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Autore: Alessandro
48011 Messerschmitt Me P.1101 Rs Models

48011 Messerschmitt Me P.1101 Rs Models

The Messerschmitt P.1101 was commissioned by OKL in the summer of 1944 and was the first aircraft in the world to have variable wing geometry. It could only be built on the ground at a yaw angle of 35° to 45°.
The Messerschmitt P.1101 was a World War II single-seat, single-jet fighter design, developed as part of the emergency fighter program of 15 July 1944[2] which sought a second generation jet fighter for the Third Reich. An important feature of the P.1101 prototype was that the sweep angle of the wings could be changed before flight, a feature further developed in later variable-sweep aircraft such as the Bell X-5 and Grumman XF10F Jaguar.

Within nine days of the issue of the July 15, 1944 design specifications for the Emergency Fighter, Messerschmitt’s design bureau, under the leadership of Dr. Woldemar Voigt, had formed a preliminary paper design for the P.1101. The initially developed aircraft had a short, wide fuselage, tricycle landing gear, and center-mounted wings with a 40° inboard rake[3] near the fuselage and a 26° shallower outboard.[2] The single HeS 011 jet engine was to be mounted internally within the fuselage, being drawn from two rounded intakes located on either side of the cockpit.[2] The high tail was of a V-shaped configuration,[2] and mounted on a tapered boom that extended above and beyond the jet exhaust, while the cockpit was mounted forward, with the canopy integrated into the fuselage and forming part of the nose rounded of the plane. the plane.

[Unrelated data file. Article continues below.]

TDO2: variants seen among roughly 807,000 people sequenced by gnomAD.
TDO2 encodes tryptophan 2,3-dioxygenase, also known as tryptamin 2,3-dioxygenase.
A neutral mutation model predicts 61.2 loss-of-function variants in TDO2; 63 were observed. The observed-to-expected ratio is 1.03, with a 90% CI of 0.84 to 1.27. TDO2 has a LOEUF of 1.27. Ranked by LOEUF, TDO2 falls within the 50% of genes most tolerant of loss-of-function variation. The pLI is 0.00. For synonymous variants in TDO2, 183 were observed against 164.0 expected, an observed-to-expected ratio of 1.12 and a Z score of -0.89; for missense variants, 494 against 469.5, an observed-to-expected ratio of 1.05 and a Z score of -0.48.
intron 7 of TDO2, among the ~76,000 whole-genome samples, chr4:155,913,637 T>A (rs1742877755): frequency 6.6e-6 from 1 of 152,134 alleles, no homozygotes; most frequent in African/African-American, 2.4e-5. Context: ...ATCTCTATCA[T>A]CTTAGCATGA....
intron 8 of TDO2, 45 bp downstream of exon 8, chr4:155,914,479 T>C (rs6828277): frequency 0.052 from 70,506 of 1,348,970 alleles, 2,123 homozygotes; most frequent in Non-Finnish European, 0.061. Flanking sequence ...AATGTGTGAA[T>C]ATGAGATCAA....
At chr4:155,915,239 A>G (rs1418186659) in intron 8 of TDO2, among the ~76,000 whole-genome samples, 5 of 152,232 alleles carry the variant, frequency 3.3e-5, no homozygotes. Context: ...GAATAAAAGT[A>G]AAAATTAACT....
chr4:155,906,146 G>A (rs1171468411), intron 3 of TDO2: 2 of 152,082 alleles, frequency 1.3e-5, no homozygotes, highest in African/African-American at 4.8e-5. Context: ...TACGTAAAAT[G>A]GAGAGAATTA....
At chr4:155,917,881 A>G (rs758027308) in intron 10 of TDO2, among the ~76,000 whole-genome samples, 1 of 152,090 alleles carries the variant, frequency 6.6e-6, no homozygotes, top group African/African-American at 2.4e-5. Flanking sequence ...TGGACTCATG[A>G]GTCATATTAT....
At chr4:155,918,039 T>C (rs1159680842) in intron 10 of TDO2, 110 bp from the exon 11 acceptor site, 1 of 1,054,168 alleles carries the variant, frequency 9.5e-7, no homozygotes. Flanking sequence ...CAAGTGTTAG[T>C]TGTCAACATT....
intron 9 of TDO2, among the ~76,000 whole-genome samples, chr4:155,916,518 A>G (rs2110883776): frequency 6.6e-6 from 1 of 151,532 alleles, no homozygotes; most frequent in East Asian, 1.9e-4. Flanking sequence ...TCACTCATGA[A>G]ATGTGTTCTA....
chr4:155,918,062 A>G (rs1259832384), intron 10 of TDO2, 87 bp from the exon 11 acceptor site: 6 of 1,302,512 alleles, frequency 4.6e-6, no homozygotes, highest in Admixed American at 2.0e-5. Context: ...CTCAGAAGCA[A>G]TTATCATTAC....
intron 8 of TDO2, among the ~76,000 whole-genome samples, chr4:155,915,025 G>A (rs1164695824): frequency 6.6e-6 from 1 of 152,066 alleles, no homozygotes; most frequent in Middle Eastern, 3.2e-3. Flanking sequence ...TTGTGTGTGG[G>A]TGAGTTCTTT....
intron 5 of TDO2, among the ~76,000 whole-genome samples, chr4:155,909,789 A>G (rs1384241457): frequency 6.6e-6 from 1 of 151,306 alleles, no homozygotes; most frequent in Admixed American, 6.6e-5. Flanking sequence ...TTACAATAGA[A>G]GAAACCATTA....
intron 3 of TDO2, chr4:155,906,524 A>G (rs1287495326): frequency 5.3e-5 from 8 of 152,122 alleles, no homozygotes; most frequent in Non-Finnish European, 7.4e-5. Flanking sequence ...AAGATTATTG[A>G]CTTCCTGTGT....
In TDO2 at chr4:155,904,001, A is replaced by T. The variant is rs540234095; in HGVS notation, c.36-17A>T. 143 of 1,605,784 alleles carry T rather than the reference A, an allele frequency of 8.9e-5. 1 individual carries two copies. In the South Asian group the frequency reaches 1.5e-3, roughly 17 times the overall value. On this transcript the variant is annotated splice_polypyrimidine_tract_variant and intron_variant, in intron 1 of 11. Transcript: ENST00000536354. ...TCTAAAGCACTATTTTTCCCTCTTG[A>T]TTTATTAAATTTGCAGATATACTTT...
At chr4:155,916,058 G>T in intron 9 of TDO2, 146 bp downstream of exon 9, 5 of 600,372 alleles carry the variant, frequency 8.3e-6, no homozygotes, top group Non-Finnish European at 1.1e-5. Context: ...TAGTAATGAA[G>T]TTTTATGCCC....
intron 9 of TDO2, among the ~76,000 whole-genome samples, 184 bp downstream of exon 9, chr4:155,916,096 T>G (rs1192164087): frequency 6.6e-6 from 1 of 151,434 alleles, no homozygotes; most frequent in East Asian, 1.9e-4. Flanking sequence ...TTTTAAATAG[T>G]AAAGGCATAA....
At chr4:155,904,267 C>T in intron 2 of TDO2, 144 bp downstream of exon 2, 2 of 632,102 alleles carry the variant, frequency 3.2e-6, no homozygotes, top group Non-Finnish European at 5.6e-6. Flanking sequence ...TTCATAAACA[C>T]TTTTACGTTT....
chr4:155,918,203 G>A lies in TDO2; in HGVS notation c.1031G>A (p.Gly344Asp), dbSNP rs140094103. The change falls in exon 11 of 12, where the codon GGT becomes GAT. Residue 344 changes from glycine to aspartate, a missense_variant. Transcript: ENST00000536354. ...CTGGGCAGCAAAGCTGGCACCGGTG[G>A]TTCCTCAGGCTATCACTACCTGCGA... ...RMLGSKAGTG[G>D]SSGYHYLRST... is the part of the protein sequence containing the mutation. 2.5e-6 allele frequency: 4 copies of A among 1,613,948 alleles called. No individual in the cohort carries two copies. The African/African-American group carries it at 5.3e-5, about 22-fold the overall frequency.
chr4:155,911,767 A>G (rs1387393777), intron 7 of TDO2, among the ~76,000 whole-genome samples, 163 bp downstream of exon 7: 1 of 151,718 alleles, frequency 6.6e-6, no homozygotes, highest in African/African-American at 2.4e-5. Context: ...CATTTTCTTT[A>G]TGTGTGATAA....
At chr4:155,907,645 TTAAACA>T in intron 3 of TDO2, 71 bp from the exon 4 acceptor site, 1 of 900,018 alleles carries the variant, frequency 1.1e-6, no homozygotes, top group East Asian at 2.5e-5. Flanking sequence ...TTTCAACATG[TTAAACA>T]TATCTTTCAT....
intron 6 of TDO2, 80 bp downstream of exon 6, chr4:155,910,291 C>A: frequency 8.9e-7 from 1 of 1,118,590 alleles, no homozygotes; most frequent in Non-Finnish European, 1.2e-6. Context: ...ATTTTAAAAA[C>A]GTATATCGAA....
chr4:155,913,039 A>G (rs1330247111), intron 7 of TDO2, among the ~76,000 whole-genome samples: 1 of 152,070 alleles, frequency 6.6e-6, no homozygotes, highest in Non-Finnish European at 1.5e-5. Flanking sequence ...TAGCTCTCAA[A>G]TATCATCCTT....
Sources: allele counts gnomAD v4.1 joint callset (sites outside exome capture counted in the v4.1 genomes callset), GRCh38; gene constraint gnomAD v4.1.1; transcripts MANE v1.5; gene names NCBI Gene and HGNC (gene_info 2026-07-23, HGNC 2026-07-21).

By late August 1944, the design, still in paper form, had evolved into a more elegant version, with the previously robust fuselage lengthened and narrowed with a conical nose section, added forward of the cockpit. The compound swept wing was also abandoned, while the Me 262’s outer wing was retrofitted instead. Proposals were also made for a combination pulse jet and rocket, the P.1101L.[2] The design was further developed, including a longer nose,[2] and following wind tunnel testing of a number of wing and fuselage profiles, the decision was made to undertake construction of a full-scale test aircraft. The final design and related test data were submitted to the Construction Office on 10 November 1944, and the selection of production materials began on 4 December 1944.

On 28 February 1945, the RLM selected a competing design, the Focke-Wulf Ta 183, as the winner of the Emergency Fighter program. This decision was based in part on the significant design difficulties encountered by the Messerschmitt P.1101 design team. For example, the gun installation was proving too crowded, the main wheel retraction and door mechanisms were too complex, the fuselage needed many “hard points” to handle the loads, and the expected performance had fallen below expectations. RLM specifications, due to weight gain. .

3 decal variants:

1. Messerschmitt P.1101, 9./JG54, Luftwaffe, 1946 /alternate marking/

2. Messerschmitt P.1101, 4./JG51, Luftwaffe, 1946 /alternate marking/

3. Messerschmitt P.1101, captured prototype, 1946 /alternate marking/

 

The Heinkel HeS 011 engine was supposed to be used, but the prototype was fitted with a Jumo 004 engine. Before the prototype was completed in April 1945, the Americans occupied the Messerschmitt factory in Oberammergau and took the prototype to the US and became with a pattern for the Bell X-5 airplane, which could already change the angle of the wing even in flight.